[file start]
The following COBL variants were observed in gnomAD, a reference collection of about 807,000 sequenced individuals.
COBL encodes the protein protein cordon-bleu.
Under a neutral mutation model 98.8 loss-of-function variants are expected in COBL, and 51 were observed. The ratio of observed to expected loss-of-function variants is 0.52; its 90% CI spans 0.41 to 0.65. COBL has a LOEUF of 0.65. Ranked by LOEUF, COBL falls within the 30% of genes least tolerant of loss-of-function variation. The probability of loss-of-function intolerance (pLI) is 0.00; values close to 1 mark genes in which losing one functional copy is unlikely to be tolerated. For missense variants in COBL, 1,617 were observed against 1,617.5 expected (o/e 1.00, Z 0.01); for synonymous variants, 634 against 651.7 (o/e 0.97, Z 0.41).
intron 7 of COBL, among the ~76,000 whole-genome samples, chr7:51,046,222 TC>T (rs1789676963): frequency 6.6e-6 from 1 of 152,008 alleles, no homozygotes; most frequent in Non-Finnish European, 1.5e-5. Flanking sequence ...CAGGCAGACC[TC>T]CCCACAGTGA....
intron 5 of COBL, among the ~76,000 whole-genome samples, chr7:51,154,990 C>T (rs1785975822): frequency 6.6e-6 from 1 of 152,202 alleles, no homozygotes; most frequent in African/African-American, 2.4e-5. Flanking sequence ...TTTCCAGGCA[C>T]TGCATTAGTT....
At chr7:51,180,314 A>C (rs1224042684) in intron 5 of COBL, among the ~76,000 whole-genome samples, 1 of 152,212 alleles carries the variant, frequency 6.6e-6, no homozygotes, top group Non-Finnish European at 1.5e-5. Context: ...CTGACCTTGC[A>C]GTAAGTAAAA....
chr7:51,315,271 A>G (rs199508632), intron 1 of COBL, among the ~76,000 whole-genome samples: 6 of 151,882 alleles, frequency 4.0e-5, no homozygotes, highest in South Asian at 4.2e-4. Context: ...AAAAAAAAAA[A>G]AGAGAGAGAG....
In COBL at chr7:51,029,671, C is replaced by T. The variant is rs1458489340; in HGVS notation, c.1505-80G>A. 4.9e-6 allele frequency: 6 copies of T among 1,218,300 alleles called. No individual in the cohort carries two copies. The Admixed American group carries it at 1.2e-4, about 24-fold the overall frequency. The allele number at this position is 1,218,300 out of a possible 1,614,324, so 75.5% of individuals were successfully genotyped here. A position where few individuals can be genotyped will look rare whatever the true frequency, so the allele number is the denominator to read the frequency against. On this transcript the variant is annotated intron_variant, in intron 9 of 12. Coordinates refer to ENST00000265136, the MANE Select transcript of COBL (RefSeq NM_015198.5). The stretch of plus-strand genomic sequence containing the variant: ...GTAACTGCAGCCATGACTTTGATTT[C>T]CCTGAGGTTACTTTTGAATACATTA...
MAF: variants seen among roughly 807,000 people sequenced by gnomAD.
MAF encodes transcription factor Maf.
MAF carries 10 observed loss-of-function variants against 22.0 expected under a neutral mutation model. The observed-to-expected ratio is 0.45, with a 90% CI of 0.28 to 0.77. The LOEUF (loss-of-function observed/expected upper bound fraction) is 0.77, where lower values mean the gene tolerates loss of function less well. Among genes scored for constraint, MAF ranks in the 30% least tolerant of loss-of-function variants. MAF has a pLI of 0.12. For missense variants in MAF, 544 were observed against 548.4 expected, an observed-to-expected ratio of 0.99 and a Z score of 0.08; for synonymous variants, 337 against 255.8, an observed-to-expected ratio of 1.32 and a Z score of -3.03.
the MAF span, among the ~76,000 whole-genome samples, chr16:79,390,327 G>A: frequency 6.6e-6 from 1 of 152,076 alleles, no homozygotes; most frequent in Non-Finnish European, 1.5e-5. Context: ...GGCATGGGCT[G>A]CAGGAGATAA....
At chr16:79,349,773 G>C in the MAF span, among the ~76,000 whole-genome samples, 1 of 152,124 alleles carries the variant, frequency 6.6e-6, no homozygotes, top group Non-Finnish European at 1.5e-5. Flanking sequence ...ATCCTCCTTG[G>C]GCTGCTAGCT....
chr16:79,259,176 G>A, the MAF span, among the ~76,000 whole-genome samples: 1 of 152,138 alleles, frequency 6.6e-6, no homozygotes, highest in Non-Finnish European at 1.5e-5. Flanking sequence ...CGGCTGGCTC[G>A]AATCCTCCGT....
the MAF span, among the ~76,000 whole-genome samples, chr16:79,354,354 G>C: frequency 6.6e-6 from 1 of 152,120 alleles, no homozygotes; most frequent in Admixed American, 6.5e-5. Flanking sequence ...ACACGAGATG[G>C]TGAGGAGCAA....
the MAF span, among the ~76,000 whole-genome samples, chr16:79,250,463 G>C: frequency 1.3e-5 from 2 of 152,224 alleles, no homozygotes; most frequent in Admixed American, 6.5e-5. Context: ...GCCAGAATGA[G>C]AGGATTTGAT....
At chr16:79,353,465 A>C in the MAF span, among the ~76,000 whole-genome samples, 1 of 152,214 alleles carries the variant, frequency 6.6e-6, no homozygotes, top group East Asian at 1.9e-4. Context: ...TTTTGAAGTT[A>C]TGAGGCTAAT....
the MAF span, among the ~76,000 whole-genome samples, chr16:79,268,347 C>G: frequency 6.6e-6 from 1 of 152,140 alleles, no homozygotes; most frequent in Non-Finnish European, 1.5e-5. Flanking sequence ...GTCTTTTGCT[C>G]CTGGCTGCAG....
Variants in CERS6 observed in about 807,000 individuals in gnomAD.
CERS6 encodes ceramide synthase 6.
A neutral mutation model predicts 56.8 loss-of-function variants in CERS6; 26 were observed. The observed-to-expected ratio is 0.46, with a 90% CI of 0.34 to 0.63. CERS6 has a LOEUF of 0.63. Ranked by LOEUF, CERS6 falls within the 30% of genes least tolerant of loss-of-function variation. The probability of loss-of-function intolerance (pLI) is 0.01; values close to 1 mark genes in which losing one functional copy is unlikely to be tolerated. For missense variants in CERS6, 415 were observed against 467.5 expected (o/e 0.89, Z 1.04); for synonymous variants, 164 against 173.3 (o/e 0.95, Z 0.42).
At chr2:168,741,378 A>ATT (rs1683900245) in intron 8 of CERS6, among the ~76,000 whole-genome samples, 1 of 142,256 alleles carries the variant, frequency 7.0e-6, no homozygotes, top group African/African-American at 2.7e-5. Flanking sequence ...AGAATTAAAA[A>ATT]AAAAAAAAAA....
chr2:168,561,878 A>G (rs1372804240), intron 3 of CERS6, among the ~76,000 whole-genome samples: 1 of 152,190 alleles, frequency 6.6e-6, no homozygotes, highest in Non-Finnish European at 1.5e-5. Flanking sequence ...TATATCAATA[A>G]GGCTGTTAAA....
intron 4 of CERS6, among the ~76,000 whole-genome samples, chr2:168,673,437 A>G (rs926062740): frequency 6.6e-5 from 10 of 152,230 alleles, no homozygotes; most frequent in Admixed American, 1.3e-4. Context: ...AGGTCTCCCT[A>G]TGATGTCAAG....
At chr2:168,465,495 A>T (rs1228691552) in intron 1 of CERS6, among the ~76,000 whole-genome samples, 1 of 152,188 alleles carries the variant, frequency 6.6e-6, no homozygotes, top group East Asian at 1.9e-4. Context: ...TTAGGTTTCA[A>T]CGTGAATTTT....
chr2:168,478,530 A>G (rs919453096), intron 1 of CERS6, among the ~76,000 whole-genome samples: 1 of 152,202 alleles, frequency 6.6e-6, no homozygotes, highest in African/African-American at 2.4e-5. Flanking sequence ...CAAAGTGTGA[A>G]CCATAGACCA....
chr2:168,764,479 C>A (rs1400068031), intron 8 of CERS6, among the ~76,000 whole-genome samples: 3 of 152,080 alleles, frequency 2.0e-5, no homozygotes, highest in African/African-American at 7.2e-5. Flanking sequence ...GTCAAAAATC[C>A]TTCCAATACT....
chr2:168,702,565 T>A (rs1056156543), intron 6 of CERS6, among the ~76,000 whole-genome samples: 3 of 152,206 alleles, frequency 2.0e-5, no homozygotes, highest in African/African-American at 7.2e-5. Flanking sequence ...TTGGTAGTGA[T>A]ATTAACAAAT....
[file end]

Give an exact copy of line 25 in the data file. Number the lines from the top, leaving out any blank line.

At chr2:168,465,495 A>T (rs1228691552) in intron 1 of CERS6, among the ~76,000 whole-genome samples, 1 of 152,188 alleles carries the variant, frequency 6.6e-6, no homozygotes, top group East Asian at 1.9e-4. Context: ...TTAGGTTTCA[A>T]CGTGAATTTT....